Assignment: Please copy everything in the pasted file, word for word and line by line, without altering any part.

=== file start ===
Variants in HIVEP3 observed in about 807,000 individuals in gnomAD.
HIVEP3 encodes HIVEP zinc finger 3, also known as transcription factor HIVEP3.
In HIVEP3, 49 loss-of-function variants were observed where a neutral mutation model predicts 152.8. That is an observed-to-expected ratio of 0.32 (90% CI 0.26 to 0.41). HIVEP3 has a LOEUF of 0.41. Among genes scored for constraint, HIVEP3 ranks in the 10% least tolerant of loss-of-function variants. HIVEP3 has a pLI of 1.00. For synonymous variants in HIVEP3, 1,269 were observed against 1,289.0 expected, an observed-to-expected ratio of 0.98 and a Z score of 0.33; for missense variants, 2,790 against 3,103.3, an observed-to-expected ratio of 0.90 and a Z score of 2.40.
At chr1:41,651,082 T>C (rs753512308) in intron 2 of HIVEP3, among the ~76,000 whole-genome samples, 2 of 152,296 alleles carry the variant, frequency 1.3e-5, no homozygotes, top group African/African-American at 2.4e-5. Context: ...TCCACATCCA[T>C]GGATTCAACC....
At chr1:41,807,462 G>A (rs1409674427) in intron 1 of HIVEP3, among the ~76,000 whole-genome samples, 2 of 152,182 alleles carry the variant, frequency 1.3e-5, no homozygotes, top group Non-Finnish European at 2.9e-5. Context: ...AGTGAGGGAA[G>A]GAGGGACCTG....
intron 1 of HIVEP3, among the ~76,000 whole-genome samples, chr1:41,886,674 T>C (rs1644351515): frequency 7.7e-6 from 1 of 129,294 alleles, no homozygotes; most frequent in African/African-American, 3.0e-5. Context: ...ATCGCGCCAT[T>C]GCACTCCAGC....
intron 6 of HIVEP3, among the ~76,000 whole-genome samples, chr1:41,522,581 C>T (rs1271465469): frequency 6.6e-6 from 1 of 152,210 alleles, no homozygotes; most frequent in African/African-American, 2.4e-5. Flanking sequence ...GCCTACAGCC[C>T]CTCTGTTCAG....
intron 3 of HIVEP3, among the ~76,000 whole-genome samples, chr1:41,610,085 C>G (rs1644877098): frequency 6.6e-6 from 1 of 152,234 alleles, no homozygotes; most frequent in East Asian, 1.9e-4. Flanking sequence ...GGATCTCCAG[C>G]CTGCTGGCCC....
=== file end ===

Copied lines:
Variants in HIVEP3 observed in about 807,000 individuals in gnomAD.
HIVEP3 encodes HIVEP zinc finger 3, also known as transcription factor HIVEP3.
In HIVEP3, 49 loss-of-function variants were observed where a neutral mutation model predicts 152.8. That is an observed-to-expected ratio of 0.32 (90% CI 0.26 to 0.41). HIVEP3 has a LOEUF of 0.41. Among genes scored for constraint, HIVEP3 ranks in the 10% least tolerant of loss-of-function variants. HIVEP3 has a pLI of 1.00. For synonymous variants in HIVEP3, 1,269 were observed against 1,289.0 expected, an observed-to-expected ratio of 0.98 and a Z score of 0.33; for missense variants, 2,790 against 3,103.3, an observed-to-expected ratio of 0.90 and a Z score of 2.40.
At chr1:41,651,082 T>C (rs753512308) in intron 2 of HIVEP3, among the ~76,000 whole-genome samples, 2 of 152,296 alleles carry the variant, frequency 1.3e-5, no homozygotes, top group African/African-American at 2.4e-5. Context: ...TCCACATCCA[T>C]GGATTCAACC....
At chr1:41,807,462 G>A (rs1409674427) in intron 1 of HIVEP3, among the ~76,000 whole-genome samples, 2 of 152,182 alleles carry the variant, frequency 1.3e-5, no homozygotes, top group Non-Finnish European at 2.9e-5. Context: ...AGTGAGGGAA[G>A]GAGGGACCTG....
intron 1 of HIVEP3, among the ~76,000 whole-genome samples, chr1:41,886,674 T>C (rs1644351515): frequency 7.7e-6 from 1 of 129,294 alleles, no homozygotes; most frequent in African/African-American, 3.0e-5. Context: ...ATCGCGCCAT[T>C]GCACTCCAGC....
intron 6 of HIVEP3, among the ~76,000 whole-genome samples, chr1:41,522,581 C>T (rs1271465469): frequency 6.6e-6 from 1 of 152,210 alleles, no homozygotes; most frequent in African/African-American, 2.4e-5. Flanking sequence ...GCCTACAGCC[C>T]CTCTGTTCAG....
intron 3 of HIVEP3, among the ~76,000 whole-genome samples, chr1:41,610,085 C>G (rs1644877098): frequency 6.6e-6 from 1 of 152,234 alleles, no homozygotes; most frequent in East Asian, 1.9e-4. Flanking sequence ...GGATCTCCAG[C>G]CTGCTGGCCC....